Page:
Silicon in Focus
Kevin Gillick, Executive Director of GlobalPlatform.
Mr. Gillick is responsible for driving awareness and accelerating the adoption of the GlobalPlatform Specifications within worldwide markets. He coordinates and manages the organisation’s strategic planning and oversees all marketing and business development initiatives within crucial vertical market sectors. He works closely with GlobalPlatform’s Technical Director, all three of the organisation’s technical committees – Secure Element (SE), Trusted Execution Environment (TEE) and Trusted Platform Services (TPS) – and the GlobalPlatform Task Forces. Mr. Gillick is directly responsible to the Board of Directors and the GlobalPlatform membership.
Across industry and business, where are the most transformative IoT technologies being developed?
Transformative IoT technologies are driving rapid change across all areas of industry and business. The technology is here, and so the narrative has moved on from connect to protect. Companies are now focused on how to bring together the right configuration of security to protect assets, connectivity, data and privacy.
Companies and entities should not need to become cybersecurity experts to reap the benefits of IoT. This is why GlobalPlatform brings the IoT ecosystem together to collaborate. Our freely available security specifications and frameworks enable digital device makers and service providers to build securely without starting from scratch, protecting devices, data and brands.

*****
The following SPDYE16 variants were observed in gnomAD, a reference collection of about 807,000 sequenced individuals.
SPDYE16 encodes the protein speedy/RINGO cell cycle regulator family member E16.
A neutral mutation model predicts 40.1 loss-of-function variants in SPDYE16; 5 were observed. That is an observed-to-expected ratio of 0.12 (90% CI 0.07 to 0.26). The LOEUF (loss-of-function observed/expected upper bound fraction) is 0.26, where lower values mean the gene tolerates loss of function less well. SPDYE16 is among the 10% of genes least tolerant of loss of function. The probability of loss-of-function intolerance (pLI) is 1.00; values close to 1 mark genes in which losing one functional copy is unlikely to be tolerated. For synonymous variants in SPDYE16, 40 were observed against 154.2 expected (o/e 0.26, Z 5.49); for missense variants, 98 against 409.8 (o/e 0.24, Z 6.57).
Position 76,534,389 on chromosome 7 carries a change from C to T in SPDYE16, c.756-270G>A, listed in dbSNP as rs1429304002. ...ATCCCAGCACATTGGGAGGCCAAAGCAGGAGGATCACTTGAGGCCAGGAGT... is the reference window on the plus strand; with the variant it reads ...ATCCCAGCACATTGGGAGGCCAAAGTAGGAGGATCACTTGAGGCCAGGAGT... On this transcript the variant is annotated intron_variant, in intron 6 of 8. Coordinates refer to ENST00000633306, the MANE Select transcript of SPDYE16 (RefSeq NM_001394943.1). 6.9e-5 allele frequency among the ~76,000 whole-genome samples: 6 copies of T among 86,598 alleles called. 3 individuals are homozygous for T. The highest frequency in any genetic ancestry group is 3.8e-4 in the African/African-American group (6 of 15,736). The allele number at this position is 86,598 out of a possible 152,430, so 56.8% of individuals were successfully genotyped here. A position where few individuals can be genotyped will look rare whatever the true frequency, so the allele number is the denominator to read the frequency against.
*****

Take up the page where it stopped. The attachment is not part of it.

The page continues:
What is your core advice to businesses that want to harness what IoT has to offer them?
We need to get serious about security. Today’s IoT devices do more than provide information at your fingertips – they gather and analyse sensitive data and can even impact the physical world. But they are also potential network entry points for hackers and fraudsters, can be used to launch DDoS attacks, to mine end-user data or even exploited to share their source code and other intellectual property. All of these scenarios will have a significant reputational and financial impact for enterprises.
Effective risk management across the full lifecycle of IoT devices and services is the key to success. This starts with ensuring devices used by your business have been built using secure by design methodologies. These devices should be manageable throughout their life to enable updates and maintenance of services as requirements and threats evolve.
Implementations requiring the highest levels of assurance may require security certifications in line with relevant standards, whereas others may not. It’s important to remember that the level of security of each implementation will depend on your risk analysis; there is no one size fits all. But businesses are not alone in this fight, and much work has already been done to help them implement trust in a cost-effective and scalable way.